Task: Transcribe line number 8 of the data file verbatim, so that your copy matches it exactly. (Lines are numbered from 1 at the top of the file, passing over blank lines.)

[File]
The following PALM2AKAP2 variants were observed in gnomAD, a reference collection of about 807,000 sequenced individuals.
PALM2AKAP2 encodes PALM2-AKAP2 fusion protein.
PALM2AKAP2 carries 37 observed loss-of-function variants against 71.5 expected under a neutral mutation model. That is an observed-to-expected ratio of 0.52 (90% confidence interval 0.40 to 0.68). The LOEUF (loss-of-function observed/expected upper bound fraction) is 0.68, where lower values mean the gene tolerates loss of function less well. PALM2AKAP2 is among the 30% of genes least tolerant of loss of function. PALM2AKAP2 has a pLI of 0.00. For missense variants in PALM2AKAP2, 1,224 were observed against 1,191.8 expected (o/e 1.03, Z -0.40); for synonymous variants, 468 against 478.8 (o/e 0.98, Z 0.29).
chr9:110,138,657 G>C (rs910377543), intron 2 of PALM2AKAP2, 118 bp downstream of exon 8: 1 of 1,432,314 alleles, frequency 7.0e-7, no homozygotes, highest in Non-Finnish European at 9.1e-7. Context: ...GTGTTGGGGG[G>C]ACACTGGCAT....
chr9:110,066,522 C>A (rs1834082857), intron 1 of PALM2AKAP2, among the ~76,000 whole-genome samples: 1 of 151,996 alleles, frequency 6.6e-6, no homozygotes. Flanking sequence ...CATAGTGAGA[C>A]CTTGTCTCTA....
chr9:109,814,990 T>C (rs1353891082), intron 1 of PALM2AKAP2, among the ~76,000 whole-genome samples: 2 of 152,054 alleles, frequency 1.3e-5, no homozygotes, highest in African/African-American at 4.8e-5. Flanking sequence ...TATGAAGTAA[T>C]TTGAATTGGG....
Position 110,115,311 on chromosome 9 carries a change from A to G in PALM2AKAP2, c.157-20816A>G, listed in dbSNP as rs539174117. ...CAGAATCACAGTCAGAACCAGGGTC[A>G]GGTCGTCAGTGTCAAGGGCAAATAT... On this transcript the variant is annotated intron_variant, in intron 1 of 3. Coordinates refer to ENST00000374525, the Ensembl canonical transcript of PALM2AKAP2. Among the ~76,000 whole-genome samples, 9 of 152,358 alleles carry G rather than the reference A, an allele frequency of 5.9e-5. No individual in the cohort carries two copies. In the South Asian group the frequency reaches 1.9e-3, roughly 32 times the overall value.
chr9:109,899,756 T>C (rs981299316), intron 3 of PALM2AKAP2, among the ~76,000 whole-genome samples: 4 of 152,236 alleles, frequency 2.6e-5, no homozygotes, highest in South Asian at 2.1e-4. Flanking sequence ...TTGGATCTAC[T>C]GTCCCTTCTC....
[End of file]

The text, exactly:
chr9:109,899,756 T>C (rs981299316), intron 3 of PALM2AKAP2, among the ~76,000 whole-genome samples: 4 of 152,236 alleles, frequency 2.6e-5, no homozygotes, highest in South Asian at 2.1e-4. Flanking sequence ...TTGGATCTAC[T>C]GTCCCTTCTC....